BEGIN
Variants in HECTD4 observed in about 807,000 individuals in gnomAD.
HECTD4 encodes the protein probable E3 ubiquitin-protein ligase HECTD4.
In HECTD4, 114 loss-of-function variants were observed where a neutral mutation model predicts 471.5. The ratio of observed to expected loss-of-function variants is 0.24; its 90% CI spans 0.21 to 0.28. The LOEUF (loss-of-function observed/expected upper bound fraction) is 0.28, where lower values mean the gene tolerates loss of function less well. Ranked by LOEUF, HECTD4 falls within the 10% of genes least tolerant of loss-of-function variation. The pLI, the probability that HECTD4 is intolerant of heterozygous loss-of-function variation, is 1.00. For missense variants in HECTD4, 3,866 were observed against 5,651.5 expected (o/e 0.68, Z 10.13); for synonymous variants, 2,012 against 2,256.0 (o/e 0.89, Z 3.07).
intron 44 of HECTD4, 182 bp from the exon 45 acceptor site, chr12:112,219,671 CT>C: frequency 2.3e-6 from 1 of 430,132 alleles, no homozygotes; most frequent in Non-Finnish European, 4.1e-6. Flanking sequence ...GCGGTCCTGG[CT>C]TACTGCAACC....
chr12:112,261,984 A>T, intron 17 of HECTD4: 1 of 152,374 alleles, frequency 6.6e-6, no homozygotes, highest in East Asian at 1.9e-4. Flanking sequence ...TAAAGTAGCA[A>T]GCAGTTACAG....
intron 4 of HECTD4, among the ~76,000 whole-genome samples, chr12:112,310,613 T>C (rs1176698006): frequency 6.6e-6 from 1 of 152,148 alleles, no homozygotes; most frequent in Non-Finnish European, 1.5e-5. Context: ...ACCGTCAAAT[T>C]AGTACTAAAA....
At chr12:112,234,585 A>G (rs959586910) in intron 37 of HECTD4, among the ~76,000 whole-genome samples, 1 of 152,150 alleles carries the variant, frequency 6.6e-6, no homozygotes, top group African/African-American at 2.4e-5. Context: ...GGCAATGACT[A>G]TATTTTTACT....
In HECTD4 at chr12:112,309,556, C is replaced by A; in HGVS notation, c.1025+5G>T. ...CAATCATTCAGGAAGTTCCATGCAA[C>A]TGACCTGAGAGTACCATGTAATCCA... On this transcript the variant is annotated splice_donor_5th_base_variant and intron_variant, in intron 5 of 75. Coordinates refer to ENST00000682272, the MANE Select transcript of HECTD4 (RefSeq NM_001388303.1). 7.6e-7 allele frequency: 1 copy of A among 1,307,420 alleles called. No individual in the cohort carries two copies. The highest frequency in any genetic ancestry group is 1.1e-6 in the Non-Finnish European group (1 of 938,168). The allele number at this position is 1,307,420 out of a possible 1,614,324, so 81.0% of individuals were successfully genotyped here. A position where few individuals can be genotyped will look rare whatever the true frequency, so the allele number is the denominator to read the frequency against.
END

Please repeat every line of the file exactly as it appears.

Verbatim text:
Variants in HECTD4 observed in about 807,000 individuals in gnomAD.
HECTD4 encodes the protein probable E3 ubiquitin-protein ligase HECTD4.
In HECTD4, 114 loss-of-function variants were observed where a neutral mutation model predicts 471.5. The ratio of observed to expected loss-of-function variants is 0.24; its 90% CI spans 0.21 to 0.28. The LOEUF (loss-of-function observed/expected upper bound fraction) is 0.28, where lower values mean the gene tolerates loss of function less well. Ranked by LOEUF, HECTD4 falls within the 10% of genes least tolerant of loss-of-function variation. The pLI, the probability that HECTD4 is intolerant of heterozygous loss-of-function variation, is 1.00. For missense variants in HECTD4, 3,866 were observed against 5,651.5 expected (o/e 0.68, Z 10.13); for synonymous variants, 2,012 against 2,256.0 (o/e 0.89, Z 3.07).
intron 44 of HECTD4, 182 bp from the exon 45 acceptor site, chr12:112,219,671 CT>C: frequency 2.3e-6 from 1 of 430,132 alleles, no homozygotes; most frequent in Non-Finnish European, 4.1e-6. Flanking sequence ...GCGGTCCTGG[CT>C]TACTGCAACC....
chr12:112,261,984 A>T, intron 17 of HECTD4: 1 of 152,374 alleles, frequency 6.6e-6, no homozygotes, highest in East Asian at 1.9e-4. Flanking sequence ...TAAAGTAGCA[A>T]GCAGTTACAG....
intron 4 of HECTD4, among the ~76,000 whole-genome samples, chr12:112,310,613 T>C (rs1176698006): frequency 6.6e-6 from 1 of 152,148 alleles, no homozygotes; most frequent in Non-Finnish European, 1.5e-5. Context: ...ACCGTCAAAT[T>C]AGTACTAAAA....
At chr12:112,234,585 A>G (rs959586910) in intron 37 of HECTD4, among the ~76,000 whole-genome samples, 1 of 152,150 alleles carries the variant, frequency 6.6e-6, no homozygotes, top group African/African-American at 2.4e-5. Context: ...GGCAATGACT[A>G]TATTTTTACT....
In HECTD4 at chr12:112,309,556, C is replaced by A; in HGVS notation, c.1025+5G>T. ...CAATCATTCAGGAAGTTCCATGCAA[C>A]TGACCTGAGAGTACCATGTAATCCA... On this transcript the variant is annotated splice_donor_5th_base_variant and intron_variant, in intron 5 of 75. Coordinates refer to ENST00000682272, the MANE Select transcript of HECTD4 (RefSeq NM_001388303.1). 7.6e-7 allele frequency: 1 copy of A among 1,307,420 alleles called. No individual in the cohort carries two copies. The highest frequency in any genetic ancestry group is 1.1e-6 in the Non-Finnish European group (1 of 938,168). The allele number at this position is 1,307,420 out of a possible 1,614,324, so 81.0% of individuals were successfully genotyped here. A position where few individuals can be genotyped will look rare whatever the true frequency, so the allele number is the denominator to read the frequency against.